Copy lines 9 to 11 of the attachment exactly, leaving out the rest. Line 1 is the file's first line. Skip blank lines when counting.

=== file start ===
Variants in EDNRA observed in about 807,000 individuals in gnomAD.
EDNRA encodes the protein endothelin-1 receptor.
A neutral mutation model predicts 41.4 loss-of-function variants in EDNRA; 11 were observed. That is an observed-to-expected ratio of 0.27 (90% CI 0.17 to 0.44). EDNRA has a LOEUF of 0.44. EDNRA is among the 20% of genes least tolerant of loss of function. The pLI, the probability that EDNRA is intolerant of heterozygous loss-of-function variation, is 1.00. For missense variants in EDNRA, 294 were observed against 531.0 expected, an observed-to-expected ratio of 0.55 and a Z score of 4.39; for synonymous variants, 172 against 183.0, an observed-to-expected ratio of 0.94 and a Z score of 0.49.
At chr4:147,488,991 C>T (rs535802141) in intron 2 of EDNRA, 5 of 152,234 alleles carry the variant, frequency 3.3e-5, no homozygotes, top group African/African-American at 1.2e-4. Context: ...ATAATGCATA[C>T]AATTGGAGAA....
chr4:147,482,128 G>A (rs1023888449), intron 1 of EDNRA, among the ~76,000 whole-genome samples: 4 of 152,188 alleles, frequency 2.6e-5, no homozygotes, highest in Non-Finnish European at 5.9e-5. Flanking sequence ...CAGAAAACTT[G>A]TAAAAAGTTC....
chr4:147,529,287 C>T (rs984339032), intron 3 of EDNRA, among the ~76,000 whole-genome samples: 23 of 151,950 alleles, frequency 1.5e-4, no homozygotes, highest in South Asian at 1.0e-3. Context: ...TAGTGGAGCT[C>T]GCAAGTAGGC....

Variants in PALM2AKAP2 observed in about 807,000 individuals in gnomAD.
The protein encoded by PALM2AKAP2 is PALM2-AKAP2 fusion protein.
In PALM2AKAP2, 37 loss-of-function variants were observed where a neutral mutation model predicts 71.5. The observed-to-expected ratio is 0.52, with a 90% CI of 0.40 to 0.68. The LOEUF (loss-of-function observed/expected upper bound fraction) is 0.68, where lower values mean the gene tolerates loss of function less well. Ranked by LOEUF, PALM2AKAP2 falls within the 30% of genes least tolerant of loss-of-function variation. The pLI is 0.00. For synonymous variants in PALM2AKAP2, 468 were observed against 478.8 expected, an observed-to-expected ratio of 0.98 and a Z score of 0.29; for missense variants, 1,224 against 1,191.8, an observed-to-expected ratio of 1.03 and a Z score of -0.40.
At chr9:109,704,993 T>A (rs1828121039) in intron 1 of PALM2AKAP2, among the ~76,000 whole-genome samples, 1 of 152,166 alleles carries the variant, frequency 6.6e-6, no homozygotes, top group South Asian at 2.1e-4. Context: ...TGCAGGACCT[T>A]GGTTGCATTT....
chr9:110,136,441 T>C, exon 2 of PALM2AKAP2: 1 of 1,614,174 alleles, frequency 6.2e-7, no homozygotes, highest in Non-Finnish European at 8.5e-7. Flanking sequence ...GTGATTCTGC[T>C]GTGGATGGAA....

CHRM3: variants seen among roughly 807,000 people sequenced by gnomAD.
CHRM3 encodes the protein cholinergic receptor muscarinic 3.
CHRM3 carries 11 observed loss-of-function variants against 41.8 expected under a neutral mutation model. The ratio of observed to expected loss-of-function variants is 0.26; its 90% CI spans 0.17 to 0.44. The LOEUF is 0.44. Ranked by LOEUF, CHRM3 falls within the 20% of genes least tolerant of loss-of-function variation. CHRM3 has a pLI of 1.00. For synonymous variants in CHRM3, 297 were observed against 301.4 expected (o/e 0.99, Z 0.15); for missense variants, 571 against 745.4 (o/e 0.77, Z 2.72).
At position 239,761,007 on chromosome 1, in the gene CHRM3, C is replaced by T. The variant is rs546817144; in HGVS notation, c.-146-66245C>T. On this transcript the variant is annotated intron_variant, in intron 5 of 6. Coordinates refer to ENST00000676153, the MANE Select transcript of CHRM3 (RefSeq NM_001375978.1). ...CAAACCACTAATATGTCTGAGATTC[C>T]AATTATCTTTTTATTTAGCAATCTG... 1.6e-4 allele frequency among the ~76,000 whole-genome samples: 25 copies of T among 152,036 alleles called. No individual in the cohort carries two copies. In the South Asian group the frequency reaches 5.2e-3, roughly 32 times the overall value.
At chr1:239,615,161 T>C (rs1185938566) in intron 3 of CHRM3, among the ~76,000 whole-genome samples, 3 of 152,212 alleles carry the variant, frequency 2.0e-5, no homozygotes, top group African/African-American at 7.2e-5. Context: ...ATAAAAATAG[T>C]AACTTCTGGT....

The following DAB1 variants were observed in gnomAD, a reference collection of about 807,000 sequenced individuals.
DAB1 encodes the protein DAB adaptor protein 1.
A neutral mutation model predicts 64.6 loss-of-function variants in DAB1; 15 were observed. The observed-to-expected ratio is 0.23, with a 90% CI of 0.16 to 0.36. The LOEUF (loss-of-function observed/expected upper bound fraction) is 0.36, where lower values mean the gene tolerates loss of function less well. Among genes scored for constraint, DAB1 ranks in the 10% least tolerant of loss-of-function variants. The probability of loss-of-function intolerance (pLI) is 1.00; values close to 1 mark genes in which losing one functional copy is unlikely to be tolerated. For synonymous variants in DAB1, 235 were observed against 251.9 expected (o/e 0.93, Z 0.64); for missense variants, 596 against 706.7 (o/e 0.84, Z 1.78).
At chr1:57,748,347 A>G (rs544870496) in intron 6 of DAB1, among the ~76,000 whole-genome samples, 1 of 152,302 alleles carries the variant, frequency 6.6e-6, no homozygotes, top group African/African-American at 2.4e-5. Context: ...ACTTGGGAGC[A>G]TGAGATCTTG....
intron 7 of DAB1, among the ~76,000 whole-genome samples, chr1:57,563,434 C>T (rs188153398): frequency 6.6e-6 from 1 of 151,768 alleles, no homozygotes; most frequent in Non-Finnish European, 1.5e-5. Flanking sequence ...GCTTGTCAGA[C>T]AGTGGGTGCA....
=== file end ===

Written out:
In PALM2AKAP2, 37 loss-of-function variants were observed where a neutral mutation model predicts 71.5. The observed-to-expected ratio is 0.52, with a 90% CI of 0.40 to 0.68. The LOEUF (loss-of-function observed/expected upper bound fraction) is 0.68, where lower values mean the gene tolerates loss of function less well. Ranked by LOEUF, PALM2AKAP2 falls within the 30% of genes least tolerant of loss-of-function variation. The pLI is 0.00. For synonymous variants in PALM2AKAP2, 468 were observed against 478.8 expected, an observed-to-expected ratio of 0.98 and a Z score of 0.29; for missense variants, 1,224 against 1,191.8, an observed-to-expected ratio of 1.03 and a Z score of -0.40.
At chr9:109,704,993 T>A (rs1828121039) in intron 1 of PALM2AKAP2, among the ~76,000 whole-genome samples, 1 of 152,166 alleles carries the variant, frequency 6.6e-6, no homozygotes, top group South Asian at 2.1e-4. Context: ...TGCAGGACCT[T>A]GGTTGCATTT....
chr9:110,136,441 T>C, exon 2 of PALM2AKAP2: 1 of 1,614,174 alleles, frequency 6.2e-7, no homozygotes, highest in Non-Finnish European at 8.5e-7. Flanking sequence ...GTGATTCTGC[T>C]GTGGATGGAA....